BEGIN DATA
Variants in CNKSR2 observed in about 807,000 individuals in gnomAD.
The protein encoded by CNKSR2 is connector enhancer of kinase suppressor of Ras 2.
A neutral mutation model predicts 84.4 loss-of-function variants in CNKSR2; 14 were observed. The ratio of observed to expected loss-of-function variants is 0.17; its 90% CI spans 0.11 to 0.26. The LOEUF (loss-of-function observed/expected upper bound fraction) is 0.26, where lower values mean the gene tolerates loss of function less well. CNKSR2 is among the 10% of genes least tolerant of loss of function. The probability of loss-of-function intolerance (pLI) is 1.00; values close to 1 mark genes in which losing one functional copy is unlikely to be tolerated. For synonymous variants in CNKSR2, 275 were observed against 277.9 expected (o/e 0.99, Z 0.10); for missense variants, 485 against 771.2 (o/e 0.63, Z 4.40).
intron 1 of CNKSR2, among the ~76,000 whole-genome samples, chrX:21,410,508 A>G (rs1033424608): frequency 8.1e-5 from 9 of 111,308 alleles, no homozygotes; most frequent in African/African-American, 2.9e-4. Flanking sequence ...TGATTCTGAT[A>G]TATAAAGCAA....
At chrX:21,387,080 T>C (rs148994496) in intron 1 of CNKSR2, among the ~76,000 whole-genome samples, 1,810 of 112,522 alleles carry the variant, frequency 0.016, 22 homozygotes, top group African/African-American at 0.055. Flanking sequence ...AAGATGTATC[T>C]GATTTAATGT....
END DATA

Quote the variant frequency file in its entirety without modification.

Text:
Variants in CNKSR2 observed in about 807,000 individuals in gnomAD.
The protein encoded by CNKSR2 is connector enhancer of kinase suppressor of Ras 2.
A neutral mutation model predicts 84.4 loss-of-function variants in CNKSR2; 14 were observed. The ratio of observed to expected loss-of-function variants is 0.17; its 90% CI spans 0.11 to 0.26. The LOEUF (loss-of-function observed/expected upper bound fraction) is 0.26, where lower values mean the gene tolerates loss of function less well. CNKSR2 is among the 10% of genes least tolerant of loss of function. The probability of loss-of-function intolerance (pLI) is 1.00; values close to 1 mark genes in which losing one functional copy is unlikely to be tolerated. For synonymous variants in CNKSR2, 275 were observed against 277.9 expected (o/e 0.99, Z 0.10); for missense variants, 485 against 771.2 (o/e 0.63, Z 4.40).
intron 1 of CNKSR2, among the ~76,000 whole-genome samples, chrX:21,410,508 A>G (rs1033424608): frequency 8.1e-5 from 9 of 111,308 alleles, no homozygotes; most frequent in African/African-American, 2.9e-4. Flanking sequence ...TGATTCTGAT[A>G]TATAAAGCAA....
At chrX:21,387,080 T>C (rs148994496) in intron 1 of CNKSR2, among the ~76,000 whole-genome samples, 1,810 of 112,522 alleles carry the variant, frequency 0.016, 22 homozygotes, top group African/African-American at 0.055. Flanking sequence ...AAGATGTATC[T>C]GATTTAATGT....